A prime example of Communism in the story comes with the building of the windmill. Communist regimes have traditionally been very big on large-scale projects, which they see as being public projections of the supposed achievements of the governing ideology. A large-scale engineering project, such as a canal, for example, can be used by Communist regimes for propaganda purposes: to show the rest of the world that Communism can be just as efficient and forward-thinking as its capitalist counterparts.
This is precisely the attitude behind Snowball's enthusiasm for the construction of the windmill in Animal Farm. Once completed, the windmill will stand as a proud symbol of the animals' self-reliance—a sign that they can make a go of running the farm on their own without outside help from humans.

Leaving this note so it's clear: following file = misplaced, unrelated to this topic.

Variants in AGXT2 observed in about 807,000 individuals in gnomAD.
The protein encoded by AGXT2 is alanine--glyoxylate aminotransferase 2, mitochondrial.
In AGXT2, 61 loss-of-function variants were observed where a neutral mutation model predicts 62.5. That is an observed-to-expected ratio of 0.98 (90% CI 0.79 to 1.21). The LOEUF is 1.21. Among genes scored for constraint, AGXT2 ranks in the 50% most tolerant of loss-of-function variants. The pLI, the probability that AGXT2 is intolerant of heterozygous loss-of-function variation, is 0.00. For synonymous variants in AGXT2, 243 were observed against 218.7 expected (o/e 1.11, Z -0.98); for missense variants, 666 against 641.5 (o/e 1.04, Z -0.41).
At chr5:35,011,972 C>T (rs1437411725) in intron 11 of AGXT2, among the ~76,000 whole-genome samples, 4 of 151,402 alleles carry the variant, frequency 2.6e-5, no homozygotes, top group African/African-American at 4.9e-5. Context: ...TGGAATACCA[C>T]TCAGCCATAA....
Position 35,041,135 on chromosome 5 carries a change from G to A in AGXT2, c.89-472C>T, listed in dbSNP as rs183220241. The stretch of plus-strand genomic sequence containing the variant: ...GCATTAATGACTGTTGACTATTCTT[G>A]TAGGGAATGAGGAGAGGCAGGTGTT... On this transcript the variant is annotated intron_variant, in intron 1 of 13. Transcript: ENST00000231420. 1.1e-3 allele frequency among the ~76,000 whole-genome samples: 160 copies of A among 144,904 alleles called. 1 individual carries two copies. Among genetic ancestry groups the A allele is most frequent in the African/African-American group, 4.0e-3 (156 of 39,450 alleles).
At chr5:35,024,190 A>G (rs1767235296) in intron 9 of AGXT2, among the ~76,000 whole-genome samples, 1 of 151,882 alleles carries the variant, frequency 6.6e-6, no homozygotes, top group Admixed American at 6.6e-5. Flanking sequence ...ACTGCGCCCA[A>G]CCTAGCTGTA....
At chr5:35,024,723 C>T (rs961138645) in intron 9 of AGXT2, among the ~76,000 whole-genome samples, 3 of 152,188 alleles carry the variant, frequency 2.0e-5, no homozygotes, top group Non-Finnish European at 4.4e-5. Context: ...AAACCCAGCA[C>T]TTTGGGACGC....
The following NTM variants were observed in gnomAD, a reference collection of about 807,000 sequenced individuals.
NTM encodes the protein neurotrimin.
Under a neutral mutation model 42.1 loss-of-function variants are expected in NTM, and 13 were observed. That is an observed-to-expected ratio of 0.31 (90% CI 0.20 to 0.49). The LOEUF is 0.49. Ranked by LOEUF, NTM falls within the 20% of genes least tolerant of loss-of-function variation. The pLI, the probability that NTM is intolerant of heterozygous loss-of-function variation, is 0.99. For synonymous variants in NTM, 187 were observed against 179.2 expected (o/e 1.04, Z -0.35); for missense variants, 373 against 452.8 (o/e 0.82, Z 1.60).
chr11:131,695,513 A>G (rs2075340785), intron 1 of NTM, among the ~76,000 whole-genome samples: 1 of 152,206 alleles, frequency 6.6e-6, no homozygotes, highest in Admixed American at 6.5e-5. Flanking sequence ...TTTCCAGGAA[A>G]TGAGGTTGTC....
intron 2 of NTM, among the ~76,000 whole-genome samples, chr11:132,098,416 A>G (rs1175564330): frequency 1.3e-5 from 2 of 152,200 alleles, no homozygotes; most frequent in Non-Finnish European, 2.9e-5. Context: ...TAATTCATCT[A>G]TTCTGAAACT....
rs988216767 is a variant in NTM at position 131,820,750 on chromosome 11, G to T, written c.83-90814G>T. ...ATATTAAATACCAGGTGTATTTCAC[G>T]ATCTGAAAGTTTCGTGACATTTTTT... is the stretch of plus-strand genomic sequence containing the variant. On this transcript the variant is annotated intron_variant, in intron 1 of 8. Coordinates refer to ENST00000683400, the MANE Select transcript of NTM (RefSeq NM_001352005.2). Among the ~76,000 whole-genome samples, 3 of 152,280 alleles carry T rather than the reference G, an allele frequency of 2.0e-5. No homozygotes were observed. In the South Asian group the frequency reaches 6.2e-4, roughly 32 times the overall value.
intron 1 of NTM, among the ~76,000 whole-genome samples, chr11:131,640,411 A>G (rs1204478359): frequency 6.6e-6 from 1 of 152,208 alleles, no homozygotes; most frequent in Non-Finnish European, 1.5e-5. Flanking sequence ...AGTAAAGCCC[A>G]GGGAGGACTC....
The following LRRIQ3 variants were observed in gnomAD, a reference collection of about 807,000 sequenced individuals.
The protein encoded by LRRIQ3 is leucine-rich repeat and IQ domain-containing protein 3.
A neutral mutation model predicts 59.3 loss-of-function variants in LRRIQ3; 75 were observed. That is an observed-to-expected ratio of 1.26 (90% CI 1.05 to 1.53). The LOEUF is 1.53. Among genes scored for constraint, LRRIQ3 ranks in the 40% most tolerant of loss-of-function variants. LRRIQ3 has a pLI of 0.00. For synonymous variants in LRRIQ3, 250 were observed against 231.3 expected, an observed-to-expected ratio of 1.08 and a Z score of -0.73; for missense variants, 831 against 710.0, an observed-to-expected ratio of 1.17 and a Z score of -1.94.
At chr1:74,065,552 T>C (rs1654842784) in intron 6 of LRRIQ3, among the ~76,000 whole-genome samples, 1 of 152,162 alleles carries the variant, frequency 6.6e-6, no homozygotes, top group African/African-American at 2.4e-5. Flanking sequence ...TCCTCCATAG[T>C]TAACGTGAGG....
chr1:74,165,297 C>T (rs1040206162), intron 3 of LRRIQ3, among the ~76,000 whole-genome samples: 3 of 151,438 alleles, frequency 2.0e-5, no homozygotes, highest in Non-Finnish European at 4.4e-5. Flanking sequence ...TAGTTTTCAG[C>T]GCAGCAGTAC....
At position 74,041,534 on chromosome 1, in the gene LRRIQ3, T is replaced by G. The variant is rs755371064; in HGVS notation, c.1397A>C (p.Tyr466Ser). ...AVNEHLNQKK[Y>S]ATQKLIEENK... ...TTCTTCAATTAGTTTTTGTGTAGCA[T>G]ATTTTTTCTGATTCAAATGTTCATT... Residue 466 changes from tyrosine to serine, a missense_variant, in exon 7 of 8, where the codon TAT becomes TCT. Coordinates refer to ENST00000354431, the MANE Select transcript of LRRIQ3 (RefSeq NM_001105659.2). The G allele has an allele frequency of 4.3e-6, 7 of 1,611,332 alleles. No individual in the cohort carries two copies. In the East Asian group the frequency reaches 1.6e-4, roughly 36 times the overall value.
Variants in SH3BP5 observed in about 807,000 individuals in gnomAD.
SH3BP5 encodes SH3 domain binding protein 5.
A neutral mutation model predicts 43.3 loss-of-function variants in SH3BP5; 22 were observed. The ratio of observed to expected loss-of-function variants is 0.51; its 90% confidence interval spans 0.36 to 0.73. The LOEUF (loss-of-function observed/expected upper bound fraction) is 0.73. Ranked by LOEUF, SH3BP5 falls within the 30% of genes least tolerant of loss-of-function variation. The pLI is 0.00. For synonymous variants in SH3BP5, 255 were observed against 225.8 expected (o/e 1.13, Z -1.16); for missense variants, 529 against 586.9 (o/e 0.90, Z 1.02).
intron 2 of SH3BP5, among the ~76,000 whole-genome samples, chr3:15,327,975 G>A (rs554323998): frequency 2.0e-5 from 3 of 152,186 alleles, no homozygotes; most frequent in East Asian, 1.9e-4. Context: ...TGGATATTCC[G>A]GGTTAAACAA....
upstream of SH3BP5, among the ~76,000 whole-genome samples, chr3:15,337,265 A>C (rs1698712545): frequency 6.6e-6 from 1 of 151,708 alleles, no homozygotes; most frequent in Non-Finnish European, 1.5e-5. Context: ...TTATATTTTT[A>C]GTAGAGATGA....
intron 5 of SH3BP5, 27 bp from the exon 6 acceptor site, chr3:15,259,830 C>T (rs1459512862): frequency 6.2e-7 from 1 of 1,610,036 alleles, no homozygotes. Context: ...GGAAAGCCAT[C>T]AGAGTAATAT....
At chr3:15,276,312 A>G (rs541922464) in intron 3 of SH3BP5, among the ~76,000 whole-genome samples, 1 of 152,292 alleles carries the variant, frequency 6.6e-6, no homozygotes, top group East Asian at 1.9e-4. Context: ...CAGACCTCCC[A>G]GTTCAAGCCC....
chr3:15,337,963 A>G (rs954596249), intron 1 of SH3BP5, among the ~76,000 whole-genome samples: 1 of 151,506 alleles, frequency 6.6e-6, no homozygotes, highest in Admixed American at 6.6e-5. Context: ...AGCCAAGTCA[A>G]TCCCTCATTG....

Another example of Communism in Animal Farm also comes from Snowball. Not long after the animals have driven Mr. Jones from the farm, Snowball sets about burning the ribbons previously worn by the horses. As well as being symbols of human oppression, the ribbons also separated the horses from the other animals. Under Communism, everyone is supposed to be equal. And so, by destroying the horses' ribbons, Snowball is attempting to usher in a period of absolute equality among all the animals on the farm.